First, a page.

Was the Ussr to Blame for the Cold War?

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Was the USSR to blame for the Cold War? By: Fabricio Rocha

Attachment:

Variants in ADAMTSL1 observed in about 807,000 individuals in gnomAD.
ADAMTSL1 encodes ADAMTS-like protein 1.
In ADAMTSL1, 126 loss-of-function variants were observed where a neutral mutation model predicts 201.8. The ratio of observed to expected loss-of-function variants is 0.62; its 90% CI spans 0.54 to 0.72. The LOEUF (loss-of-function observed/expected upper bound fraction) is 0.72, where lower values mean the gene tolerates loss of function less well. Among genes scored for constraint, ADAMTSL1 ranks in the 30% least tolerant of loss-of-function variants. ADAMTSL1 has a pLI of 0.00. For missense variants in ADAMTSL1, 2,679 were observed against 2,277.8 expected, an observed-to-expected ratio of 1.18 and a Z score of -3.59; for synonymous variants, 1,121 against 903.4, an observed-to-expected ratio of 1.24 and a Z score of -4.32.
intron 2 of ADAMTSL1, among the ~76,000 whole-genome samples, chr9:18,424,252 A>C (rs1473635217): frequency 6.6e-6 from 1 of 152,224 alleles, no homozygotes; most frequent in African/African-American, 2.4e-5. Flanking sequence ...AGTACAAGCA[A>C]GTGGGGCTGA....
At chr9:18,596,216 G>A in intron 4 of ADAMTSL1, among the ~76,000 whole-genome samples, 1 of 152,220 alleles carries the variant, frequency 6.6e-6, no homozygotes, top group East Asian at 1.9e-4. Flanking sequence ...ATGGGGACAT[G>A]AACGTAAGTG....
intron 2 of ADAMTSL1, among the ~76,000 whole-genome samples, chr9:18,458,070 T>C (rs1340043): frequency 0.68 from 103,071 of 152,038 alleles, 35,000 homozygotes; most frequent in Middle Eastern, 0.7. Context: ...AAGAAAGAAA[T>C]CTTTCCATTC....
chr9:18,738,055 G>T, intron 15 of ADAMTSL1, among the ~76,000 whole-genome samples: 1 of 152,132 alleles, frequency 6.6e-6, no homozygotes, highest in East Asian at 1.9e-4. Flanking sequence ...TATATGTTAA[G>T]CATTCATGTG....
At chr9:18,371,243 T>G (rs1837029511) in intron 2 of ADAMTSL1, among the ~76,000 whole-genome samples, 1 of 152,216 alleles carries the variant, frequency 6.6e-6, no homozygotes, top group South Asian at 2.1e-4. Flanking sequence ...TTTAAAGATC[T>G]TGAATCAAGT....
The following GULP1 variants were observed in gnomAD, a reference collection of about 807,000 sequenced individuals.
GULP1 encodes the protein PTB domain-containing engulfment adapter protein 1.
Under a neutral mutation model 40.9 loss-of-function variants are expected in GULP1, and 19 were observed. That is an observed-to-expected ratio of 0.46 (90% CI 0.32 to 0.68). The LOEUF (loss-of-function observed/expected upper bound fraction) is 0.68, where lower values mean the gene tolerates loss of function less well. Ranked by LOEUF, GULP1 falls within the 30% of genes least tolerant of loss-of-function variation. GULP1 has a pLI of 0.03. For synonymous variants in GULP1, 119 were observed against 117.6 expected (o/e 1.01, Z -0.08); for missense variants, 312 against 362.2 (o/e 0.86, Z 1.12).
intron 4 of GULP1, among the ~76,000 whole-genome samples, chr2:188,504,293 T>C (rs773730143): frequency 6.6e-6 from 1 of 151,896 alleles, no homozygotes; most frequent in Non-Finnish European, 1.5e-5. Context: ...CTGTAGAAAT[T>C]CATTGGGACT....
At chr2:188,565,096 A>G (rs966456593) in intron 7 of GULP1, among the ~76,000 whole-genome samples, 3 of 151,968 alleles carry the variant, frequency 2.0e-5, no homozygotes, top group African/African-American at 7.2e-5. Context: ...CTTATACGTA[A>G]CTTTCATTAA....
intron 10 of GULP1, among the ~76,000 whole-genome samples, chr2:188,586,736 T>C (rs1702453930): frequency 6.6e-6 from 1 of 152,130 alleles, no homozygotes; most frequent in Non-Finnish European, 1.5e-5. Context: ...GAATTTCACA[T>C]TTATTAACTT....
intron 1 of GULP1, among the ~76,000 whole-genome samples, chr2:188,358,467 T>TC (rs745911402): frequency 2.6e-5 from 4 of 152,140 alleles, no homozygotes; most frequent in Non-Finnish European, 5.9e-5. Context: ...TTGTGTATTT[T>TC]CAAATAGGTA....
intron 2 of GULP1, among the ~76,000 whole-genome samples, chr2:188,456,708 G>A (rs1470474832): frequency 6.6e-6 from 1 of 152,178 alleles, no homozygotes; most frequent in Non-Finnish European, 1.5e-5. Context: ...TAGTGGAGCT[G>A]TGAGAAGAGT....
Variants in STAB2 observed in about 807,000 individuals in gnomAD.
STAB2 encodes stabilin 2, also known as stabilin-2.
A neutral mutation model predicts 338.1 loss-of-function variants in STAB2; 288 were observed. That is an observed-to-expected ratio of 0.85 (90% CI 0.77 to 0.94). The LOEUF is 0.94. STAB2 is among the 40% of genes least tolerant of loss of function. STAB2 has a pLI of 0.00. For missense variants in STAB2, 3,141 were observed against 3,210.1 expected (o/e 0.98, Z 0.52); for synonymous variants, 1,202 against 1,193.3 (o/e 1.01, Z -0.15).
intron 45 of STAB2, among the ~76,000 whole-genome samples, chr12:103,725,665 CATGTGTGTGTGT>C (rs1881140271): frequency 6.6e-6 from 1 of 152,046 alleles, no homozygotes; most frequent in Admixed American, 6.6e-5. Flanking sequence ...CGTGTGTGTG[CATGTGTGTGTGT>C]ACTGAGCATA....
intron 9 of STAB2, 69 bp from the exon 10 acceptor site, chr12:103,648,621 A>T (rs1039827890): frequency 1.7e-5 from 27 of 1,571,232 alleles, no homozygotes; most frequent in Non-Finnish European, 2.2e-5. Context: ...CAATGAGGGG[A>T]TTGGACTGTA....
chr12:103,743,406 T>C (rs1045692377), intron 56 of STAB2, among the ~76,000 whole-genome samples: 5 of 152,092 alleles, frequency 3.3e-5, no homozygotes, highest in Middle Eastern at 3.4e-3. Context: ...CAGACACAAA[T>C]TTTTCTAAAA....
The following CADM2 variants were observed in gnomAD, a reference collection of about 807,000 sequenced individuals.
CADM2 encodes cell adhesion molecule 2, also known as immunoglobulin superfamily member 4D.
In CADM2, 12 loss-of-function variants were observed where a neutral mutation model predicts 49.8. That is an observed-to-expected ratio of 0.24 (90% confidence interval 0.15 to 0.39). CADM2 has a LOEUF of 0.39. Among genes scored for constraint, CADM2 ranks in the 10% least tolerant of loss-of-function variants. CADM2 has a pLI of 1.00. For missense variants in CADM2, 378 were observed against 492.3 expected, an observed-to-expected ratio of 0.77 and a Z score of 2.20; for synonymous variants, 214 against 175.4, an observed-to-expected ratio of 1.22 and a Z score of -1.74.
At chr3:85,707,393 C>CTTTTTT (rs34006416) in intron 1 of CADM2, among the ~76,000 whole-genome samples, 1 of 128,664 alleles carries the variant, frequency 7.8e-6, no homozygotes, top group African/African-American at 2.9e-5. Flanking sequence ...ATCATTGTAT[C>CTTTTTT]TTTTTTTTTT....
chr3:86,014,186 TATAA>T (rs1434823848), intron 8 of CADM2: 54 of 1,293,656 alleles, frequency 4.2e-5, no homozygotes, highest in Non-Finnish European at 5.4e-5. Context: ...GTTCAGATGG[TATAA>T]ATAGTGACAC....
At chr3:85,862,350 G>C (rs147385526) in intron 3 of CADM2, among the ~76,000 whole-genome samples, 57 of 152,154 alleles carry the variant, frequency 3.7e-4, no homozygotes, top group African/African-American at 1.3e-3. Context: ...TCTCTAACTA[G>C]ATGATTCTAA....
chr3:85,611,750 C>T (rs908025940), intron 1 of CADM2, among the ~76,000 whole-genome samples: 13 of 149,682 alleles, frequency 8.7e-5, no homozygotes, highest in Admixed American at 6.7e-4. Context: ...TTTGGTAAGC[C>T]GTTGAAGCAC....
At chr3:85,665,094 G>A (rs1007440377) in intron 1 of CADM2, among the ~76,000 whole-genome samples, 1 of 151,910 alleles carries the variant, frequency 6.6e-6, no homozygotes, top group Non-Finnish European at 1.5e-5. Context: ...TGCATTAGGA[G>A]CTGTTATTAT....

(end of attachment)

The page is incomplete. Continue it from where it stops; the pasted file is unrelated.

The Cold War between the Communist East and the Capitalist West dominated international relations during most of the 20th century. It cannot be said that the USSR alone was to blame for the conflict, although it certainly had a fare share in the blame through its foreign policies and diplomatic interference; the capitalists (mainly USA) did little to promote peace and avoid conflict. Both parties are equally to blame for the Cold War. The USSR had a difficult relationship with Britain, France and the USA since its foundation in 1917 the emergence of the large and powerful communist state was a cause for concern among the western powers, and their relationship was strained by mutual distrust and suspicion from the get-go. In 1917 soon after the communist revolution the USSR faced a civil war, during which the western powers lent financial and military support to the enemies of the communists. In the early 30’s a common enemy emerged: Adolf Hitler and his Nazi regime. A peaceful alliance occurred between Britain, the USA and the USSR, simply because of their shared concern for this new threat. This alliance lasted through out the Second World War, but as soon as it was over, and Hitler’s Germany was no longer a cause for concern, hostilities resumed between east and west. Often taken as the official beginning of the cold war the year of 1945 was of crucial importance in the development of the relationship between both parts. In 1945 the Yalta conference was held during which a series of agreements where reached, the main of which were: the Big Three would join the new UN organization, Germany would be divided into four zones to be controlled by Britain, France, the USA and the USSR and eastern Europe was to be a ‘Soviet sphere of influence’. A few months later a second conference was held, this time at Potsdam. At this second conference, the circumstances had changed. The USA had a new president: Much...
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